Among the sets of major power relationships in today’s world, relatively speaking, the China-U.S. relationship is the most critical, China-Russia relationship closest, and Russia-U.S. relationship most complicated. While China-U.S. relations develop in twists and turns and Russia-U.S. relations become more entangled, China-Russian relations develop further and deepen at the same time.
Russian President Vladimir Putin was in Beijing for the 22nd APEC informal leadership meeting and met Chinese President Xi Jinping, the fifth meeting between the two since the beginning of this year. According to Xi, the two “maintain close communication with each other to provide strengthened top-level design and strategic guidance for the development of China-Russia relations and to cultivate an evergreen tree of China-Russia friendship and cooperation,” which has produced rich fruits. Putin claimed that this meeting would “inject a new driving force into the development of positive Russia-China relations”.
Putin’s visit has dual focuses. On the bilateral front, the two countries are to strengthen cooperation in energy, high-speed train infrastructure, aeronautics, and finance with a series of agreements signed between competent government agencies including those providing for the supply of Russian natural gas to China through pipelines. On the international front, the two sides vowed to commemorate together the 70th anniversary of the end of World War II with a view to jointly safeguard the fruits of victory and post-war international order.
In 2014, the two countries have had closer diplomatic coordination, spectacular joint military exercises, energy cooperation with long-term perspective and increasingly multi-dimensional cultural exchanges. All of these demonstrate that their political mutual trust has reached a new high: economic integration has reached a new stage, military interactions have moved into new realm, cultural exchanges have shown new outlooks and diplomatic consultations have produced new results. There is still huge potential and enormous space for their relations to develop further.
The China-Russia relationship is actually a new model of major power relations. Its foundation is the five principles of peaceful coexistence. It is pre-conditioned on non-alignment, non-confrontation and not targeting any third country. As such the two countries truly exercise strategic cooperation without entering into an alliance, handle international affairs according to their merits rather than pursuing double standards, and seek resolution of disputes or differences through consultation between equals.
China and Russia develop in parallel and in cooperation. There are reasons for that. Both are in transition, each in search of path to development suited to its national conditions and in need of a sound external environment. They do have similar philosophies on ruling the country and have taken similar measures. For example, China rather appreciates Putin’s pursuit of a “controllable democracy” aimed at political stability and social harmony, a social market economy with efficiency given priority and equity given due consideration, and a comprehensive balancing diplomacy. China and Russia have different national interests and ideologies. However, where their national interests differ, the two countries have chosen to coordinate with each other. And their relations have gone beyond ideological differences. In other words, these differences are handled properly, without distorting state-to-state ties. The two major powers have both commonalities and distinctive properties. In the collaboration process, commonality is stressed while individuality respected and accommodated to the extent possible. Such is the essential lesson for the development and deepening of China-Russia relations.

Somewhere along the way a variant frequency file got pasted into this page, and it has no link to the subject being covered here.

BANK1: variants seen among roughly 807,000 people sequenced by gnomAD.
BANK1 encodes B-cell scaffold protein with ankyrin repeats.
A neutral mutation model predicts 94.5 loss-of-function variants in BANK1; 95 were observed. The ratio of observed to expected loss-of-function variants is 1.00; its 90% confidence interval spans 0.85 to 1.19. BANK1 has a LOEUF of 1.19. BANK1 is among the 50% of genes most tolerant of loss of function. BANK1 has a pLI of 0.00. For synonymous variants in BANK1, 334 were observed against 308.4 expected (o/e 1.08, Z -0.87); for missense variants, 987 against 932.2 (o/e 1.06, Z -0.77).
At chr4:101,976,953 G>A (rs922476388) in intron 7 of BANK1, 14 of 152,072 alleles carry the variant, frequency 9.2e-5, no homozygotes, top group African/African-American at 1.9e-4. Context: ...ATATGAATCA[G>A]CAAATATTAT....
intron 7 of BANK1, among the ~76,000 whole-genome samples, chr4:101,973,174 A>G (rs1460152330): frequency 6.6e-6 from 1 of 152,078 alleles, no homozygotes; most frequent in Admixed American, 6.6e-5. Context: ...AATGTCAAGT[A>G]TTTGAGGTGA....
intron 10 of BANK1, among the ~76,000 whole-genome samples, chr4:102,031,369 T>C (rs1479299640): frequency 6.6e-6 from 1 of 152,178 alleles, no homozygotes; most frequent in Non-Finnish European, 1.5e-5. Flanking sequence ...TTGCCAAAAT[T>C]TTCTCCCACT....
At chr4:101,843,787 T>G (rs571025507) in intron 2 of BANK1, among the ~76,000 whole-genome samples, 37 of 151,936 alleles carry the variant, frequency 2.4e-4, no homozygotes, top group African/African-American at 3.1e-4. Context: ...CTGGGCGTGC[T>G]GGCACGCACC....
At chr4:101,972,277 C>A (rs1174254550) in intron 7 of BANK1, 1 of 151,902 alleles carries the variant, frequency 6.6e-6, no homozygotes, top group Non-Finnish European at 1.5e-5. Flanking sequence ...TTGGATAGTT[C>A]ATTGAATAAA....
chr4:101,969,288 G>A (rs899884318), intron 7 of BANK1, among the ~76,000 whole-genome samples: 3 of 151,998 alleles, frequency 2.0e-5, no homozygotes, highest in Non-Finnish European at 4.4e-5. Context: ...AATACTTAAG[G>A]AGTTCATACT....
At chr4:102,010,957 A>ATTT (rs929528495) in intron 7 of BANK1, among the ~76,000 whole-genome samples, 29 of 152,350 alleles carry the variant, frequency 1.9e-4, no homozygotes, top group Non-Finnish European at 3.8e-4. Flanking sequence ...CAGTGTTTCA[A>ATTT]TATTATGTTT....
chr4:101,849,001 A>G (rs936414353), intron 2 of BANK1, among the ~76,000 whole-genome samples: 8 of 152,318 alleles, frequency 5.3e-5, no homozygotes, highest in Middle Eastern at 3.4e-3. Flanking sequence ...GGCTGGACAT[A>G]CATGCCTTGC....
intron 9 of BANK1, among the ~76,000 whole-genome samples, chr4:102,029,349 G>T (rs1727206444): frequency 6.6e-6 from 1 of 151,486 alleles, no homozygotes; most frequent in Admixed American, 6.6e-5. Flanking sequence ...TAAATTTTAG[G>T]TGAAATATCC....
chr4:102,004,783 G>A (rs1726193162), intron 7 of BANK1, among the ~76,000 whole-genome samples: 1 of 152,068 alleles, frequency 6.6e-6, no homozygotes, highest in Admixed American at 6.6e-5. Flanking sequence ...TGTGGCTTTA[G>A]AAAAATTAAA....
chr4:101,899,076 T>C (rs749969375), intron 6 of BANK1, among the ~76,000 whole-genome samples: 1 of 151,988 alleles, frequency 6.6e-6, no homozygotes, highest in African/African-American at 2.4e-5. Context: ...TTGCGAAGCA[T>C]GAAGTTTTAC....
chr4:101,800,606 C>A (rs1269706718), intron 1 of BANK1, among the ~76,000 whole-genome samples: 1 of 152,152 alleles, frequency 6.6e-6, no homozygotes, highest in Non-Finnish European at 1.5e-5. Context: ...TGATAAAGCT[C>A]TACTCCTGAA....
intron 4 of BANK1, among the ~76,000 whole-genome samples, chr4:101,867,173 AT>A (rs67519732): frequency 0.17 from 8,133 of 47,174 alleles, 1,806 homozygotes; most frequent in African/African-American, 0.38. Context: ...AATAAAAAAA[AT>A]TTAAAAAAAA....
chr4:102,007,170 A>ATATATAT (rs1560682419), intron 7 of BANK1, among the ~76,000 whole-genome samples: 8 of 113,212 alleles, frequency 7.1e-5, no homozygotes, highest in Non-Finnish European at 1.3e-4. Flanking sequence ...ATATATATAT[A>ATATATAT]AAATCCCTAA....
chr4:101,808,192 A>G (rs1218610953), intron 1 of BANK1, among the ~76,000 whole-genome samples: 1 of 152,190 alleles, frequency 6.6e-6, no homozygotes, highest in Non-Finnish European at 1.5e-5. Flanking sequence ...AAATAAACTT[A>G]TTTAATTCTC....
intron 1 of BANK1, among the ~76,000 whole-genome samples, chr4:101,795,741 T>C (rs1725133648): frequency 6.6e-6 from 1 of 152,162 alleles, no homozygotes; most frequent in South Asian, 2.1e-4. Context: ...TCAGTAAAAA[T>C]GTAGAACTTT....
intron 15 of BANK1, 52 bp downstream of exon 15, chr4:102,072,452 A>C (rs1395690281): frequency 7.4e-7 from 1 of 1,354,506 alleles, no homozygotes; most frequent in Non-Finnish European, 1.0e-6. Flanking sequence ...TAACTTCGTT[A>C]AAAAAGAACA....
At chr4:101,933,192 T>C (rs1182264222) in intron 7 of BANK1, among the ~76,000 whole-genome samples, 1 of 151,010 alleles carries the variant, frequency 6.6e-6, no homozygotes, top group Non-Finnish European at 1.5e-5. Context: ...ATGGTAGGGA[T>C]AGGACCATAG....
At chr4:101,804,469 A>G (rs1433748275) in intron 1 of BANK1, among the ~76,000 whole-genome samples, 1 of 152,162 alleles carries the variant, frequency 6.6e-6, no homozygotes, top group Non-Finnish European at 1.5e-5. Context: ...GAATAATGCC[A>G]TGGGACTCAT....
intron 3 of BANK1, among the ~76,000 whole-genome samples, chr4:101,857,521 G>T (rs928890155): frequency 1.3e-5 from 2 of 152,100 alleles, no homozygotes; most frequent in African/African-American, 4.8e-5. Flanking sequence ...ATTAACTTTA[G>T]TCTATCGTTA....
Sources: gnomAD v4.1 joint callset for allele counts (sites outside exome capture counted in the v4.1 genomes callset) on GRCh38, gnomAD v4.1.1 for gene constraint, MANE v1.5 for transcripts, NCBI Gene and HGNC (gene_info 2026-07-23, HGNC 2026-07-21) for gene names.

One may ask about the relationship between Putin’s Eurasian Alliance and China. Putin put forward the idea against the backdrop of building U.S. and EU pressure and difficulty for the Commonwealth of Independent States to act effectively. Russia attempts to take the lead to expand the economic union between Russia and Central Asian countries, a task that will take protracted time to accomplish. Although an agreement was signed by Russia, Belarus and Kazakhstan, it seems difficult for Putin to achieve what he wishes with the ongoing Ukraine crisis. The Eurasian Alliance also overlaps with the Shanghai Cooperation Organization (SCO) and China is thus involved. If properly handled, the two may complement each other; if mishandled, conflicts may arise.
Attention has also been given to the respective roles of China and Russia in in the SCO. SCO cooperation continues growing and the growth can’t possibly be equal or balanced with priorities pre-defined as security followed by economy and then humanities. China and Russia are the two dominant forces in the SCO. Russia plays a special role in maintaining security. Economically, China is taking the thunder with mutual benefit proposals such as the Silk Road Economic Belt. The best the SCO may achieve is to maintain and carry forward the Shanghai spirit and to enrich it to the maximum on the basis of being conducive to regional peace, stability and development.
When China-Russia relations are discussed, it is natural that the U.S. comes into the picture. China-Russia relations and China-U.S. relations neither depend on nor exclude Russia-U.S. relations. Politically the U.S. worries more about the influence of the Chinese model in the world, while militarily the US guards more anxiously against Russia turning into another Soviet Union. Putin’s defiance of the U.S. and the West should be perceived as the pursuit of an equal status. The three major powers of China, U.S. and Russia naturally compete for international influence. But competition should neither be a fight nor confrontation.